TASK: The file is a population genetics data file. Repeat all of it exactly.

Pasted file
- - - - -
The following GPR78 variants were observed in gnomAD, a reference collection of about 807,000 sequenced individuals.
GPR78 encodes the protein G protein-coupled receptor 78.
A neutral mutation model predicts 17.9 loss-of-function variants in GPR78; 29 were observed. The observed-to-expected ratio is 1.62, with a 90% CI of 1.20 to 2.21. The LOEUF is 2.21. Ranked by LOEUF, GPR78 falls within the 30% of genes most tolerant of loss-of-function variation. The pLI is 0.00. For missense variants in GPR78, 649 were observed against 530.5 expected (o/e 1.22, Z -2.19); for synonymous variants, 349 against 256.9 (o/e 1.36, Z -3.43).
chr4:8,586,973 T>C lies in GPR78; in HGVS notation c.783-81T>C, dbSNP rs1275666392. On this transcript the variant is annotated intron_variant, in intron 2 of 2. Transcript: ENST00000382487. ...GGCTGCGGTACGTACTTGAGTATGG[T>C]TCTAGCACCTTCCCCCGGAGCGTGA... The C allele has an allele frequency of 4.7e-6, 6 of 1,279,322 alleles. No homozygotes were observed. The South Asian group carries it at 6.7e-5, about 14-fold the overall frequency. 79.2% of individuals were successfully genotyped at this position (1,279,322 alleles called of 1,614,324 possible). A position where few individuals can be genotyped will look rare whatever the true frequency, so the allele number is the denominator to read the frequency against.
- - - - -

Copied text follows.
The following GPR78 variants were observed in gnomAD, a reference collection of about 807,000 sequenced individuals.
GPR78 encodes the protein G protein-coupled receptor 78.
A neutral mutation model predicts 17.9 loss-of-function variants in GPR78; 29 were observed. The observed-to-expected ratio is 1.62, with a 90% CI of 1.20 to 2.21. The LOEUF is 2.21. Ranked by LOEUF, GPR78 falls within the 30% of genes most tolerant of loss-of-function variation. The pLI is 0.00. For missense variants in GPR78, 649 were observed against 530.5 expected (o/e 1.22, Z -2.19); for synonymous variants, 349 against 256.9 (o/e 1.36, Z -3.43).
chr4:8,586,973 T>C lies in GPR78; in HGVS notation c.783-81T>C, dbSNP rs1275666392. On this transcript the variant is annotated intron_variant, in intron 2 of 2. Transcript: ENST00000382487. ...GGCTGCGGTACGTACTTGAGTATGG[T>C]TCTAGCACCTTCCCCCGGAGCGTGA... The C allele has an allele frequency of 4.7e-6, 6 of 1,279,322 alleles. No homozygotes were observed. The South Asian group carries it at 6.7e-5, about 14-fold the overall frequency. 79.2% of individuals were successfully genotyped at this position (1,279,322 alleles called of 1,614,324 possible). A position where few individuals can be genotyped will look rare whatever the true frequency, so the allele number is the denominator to read the frequency against.